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Teaching Core Math Standards Made Easier with Free Tool

“The Navigator will empower more teachers to design their own instruction by letting the standards -- not the textbooks -- guide the process.”

The Leona M. and Harry B. Helmsley Charitable Trust has made a $750,000 grant to support a way to utilize K-8 math textbooks more efficiently. The grant will help implement a free, web-based tool, created by researcher William Schmidt at MSU, to help American educators teach the Common Core State Standards for mathematics.

Through the Textbook Navigator/Journal, K-8 teachers can quickly find which parts of their existing math textbook cover a standard or identify which standards are addressed in specific textbook lessons.

Although the majority of U.S. states have adopted the standards, many teachers still must use outdated textbooks or find other materials to ensure students meet the common set of learning goals at each grade level.

"Higher learning goals for all students are a fundamental ingredient to an upgraded system of public education – but to realize the promise of the Common Core standards, educators need access to curricula that bring them to life in classrooms," said Rachel Leifer, senior program officer of the Helmsley Charitable Trust's Education Program. "The Navigator is a comprehensive, user-friendly tool that helps teachers make the best use of textbooks that may only partially address the requirements of the math standards. We commend Dr. Schmidt for translating his groundbreaking research into a practical resource for teachers, and we are proud to support this tremendous step toward helping educators find the level of rigor and quality needed to prepare students for success in high school, college and beyond."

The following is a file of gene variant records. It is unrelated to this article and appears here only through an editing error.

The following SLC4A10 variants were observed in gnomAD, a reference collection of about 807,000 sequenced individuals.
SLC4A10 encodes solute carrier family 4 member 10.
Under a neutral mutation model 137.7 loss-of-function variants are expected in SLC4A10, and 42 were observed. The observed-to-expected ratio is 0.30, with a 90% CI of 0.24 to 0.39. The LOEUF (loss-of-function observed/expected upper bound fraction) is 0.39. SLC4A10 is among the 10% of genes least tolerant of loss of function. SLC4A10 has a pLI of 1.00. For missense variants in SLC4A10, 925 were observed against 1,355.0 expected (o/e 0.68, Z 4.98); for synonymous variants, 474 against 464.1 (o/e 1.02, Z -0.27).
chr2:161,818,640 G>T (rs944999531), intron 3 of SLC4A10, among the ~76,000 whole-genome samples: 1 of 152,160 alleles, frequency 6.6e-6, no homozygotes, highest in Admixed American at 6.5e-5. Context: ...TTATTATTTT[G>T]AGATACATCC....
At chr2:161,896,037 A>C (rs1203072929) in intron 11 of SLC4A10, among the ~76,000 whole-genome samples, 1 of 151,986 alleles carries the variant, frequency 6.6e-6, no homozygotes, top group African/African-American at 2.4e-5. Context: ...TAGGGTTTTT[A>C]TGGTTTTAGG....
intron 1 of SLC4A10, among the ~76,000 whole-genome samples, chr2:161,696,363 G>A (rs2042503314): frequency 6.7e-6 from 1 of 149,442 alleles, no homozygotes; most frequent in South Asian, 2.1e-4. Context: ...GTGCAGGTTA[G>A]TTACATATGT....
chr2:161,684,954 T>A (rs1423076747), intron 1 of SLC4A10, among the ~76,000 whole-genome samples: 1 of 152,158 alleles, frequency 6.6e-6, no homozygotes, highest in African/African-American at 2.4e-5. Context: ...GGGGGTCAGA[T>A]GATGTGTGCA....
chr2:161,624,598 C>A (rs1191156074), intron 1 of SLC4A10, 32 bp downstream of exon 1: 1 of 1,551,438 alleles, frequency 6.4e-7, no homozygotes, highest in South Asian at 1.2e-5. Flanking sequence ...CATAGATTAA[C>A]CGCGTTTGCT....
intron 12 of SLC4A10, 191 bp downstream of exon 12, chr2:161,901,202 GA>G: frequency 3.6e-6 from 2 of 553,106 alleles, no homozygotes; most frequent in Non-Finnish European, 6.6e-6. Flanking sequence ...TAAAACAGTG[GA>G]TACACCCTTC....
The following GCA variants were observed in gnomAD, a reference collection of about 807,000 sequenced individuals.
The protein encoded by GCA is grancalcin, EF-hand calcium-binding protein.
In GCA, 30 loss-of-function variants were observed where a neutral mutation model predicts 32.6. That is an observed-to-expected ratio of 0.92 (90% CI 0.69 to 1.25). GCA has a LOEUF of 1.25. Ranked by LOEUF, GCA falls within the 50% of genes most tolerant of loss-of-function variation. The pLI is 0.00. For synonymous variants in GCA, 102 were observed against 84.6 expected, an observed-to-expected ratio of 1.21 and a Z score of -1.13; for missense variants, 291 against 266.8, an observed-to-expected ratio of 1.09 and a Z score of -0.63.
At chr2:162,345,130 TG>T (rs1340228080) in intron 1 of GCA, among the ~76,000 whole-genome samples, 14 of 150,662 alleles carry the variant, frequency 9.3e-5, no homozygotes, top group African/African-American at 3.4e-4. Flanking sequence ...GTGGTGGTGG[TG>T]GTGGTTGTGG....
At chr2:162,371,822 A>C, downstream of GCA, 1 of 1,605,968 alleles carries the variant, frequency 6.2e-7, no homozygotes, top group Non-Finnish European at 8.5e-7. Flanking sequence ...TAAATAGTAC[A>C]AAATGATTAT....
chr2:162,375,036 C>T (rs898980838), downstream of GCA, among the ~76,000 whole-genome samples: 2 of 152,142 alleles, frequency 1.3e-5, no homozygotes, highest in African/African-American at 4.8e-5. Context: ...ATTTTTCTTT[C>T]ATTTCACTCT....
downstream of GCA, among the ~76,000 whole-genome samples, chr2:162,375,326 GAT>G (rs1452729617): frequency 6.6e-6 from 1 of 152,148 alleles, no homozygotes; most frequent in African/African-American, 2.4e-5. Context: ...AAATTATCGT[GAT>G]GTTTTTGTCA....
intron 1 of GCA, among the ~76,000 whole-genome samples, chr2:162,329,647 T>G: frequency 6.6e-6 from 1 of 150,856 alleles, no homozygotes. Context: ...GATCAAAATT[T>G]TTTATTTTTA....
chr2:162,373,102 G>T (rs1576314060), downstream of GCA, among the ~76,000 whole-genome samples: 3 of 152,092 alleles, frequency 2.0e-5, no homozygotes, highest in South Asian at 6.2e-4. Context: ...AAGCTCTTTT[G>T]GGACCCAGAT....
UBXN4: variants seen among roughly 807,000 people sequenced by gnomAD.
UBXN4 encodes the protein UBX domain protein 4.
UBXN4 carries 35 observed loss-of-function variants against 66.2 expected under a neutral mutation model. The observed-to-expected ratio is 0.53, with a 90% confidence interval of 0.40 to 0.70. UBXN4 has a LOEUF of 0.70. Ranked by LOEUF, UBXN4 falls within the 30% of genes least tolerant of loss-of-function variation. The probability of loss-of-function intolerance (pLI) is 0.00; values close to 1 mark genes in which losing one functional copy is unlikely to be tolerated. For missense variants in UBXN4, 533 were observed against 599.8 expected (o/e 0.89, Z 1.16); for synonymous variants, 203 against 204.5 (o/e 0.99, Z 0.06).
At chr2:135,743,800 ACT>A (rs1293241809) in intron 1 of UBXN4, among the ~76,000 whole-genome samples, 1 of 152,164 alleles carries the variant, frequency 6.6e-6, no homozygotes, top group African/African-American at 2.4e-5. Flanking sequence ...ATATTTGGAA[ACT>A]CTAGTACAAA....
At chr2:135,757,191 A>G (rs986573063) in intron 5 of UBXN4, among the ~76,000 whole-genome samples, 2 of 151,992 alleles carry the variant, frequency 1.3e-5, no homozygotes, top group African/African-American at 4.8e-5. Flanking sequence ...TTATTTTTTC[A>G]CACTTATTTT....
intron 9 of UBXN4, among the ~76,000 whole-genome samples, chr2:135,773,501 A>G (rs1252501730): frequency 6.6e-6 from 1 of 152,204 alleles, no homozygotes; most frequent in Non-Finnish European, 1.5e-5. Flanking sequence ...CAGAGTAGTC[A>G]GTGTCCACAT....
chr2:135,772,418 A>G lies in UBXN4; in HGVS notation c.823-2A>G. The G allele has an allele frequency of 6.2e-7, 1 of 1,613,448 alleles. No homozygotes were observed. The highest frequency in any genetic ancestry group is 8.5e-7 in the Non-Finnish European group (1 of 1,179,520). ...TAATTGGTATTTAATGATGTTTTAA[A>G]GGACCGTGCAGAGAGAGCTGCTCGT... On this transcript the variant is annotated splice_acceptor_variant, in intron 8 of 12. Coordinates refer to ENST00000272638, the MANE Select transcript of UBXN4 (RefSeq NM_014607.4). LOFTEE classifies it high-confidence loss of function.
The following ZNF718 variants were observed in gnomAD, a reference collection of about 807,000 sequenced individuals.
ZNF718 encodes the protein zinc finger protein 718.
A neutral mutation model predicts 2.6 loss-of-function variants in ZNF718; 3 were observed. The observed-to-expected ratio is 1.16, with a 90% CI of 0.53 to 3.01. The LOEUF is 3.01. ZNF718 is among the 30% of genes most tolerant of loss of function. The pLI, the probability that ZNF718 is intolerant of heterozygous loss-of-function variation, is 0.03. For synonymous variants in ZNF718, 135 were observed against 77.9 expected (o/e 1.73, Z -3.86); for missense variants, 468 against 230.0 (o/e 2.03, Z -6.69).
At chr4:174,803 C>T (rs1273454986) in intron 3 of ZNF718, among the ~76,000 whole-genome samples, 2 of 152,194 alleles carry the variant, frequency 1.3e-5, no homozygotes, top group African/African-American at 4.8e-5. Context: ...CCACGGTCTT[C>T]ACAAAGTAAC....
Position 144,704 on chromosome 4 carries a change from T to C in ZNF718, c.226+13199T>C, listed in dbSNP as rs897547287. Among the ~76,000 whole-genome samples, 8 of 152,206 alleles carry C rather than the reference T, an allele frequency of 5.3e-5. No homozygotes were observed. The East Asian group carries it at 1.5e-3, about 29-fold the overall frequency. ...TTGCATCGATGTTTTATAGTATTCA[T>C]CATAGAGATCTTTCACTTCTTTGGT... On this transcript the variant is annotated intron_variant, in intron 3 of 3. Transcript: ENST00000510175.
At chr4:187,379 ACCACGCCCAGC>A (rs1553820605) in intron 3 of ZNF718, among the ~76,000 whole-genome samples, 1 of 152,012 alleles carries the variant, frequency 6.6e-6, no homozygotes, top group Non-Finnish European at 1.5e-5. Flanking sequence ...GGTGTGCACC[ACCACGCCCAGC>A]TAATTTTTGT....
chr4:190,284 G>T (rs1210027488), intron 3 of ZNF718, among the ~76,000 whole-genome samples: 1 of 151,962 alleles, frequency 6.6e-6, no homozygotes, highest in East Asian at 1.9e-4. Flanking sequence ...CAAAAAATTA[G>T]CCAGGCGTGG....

A team led by William Schmidt, director of the Center for Study of Curriculum at MSU’s College of Education, developed the Navigator based on an in-depth analysis of 34 commonly used math textbook series comprising 185 individual textbooks. They found that no textbook series covers 100 percent of on-grade standards, with the typical textbook skipping at least a quarter of the math topics students are expected to learn.

“We are asking teachers to depend on textbooks that are not well aligned and also vary widely, meaning children with different books may get entirely different, incoherent opportunities to learn important mathematics,” said Schmidt. “The Navigator will empower more teachers to design their own instruction by letting the standards -- not the textbooks -- guide the process.”

The Navigator can help teachers and school district curriculum leaders decide the order in which the textbook lessons are covered (and which lessons to skip), rather than being rigidly tied to the order defined by a textbook. If there are no lessons in a textbook covering a particular standard, the Navigator points to several free, online sources of curriculum materials.

The Navigator fills an important need while writers, editors, and publishers work to adapt K-8 math textbooks to cover more fully the topics and lessons in the adopted Common Core State Standards.

Textbook analysis findings

The need for a tool like Navigator became evident through a study conducted with more than 1,000 teachers in three states.

Schmidt’s team selected textbooks for analysis from a 2011 survey of school districts in states that had already adopted Common Core State Standards. Textbooks were analyzed to identify which, if any, standards were covered in each lesson. The team has also analyzed more recently published textbooks.

“One of the most serious consequences we found is that textbooks contribute in a significant way to inequalities in our educational system,” Schmidt said. “The Navigator can create a bridge for teachers to make better use of what they have, until newer well-aligned textbooks become available.”

Additional key findings

Only half of a typical textbook focuses on math considered appropriate for grade level. Some devote up to two-thirds of the school year to standards for the wrong grade.

On average, the textbooks allocate 62 to 74 percent of class days to grade-appropriate standards. Thus, students are likely to spend eight to 13 weeks on extraneous material.

Newer (post-2011) textbooks cover, on average, a higher percentage of grade-specific standards (82 percent) than older books (64 percent).

The study received support from the Bill & Melinda Gates Foundation and the GE Foundation.

For more information on making a gift to the College of Education, contact Senior Director of Development Melissa Phillips Lynch at or by calling (517) 432-1983.

Author: Alisa Healy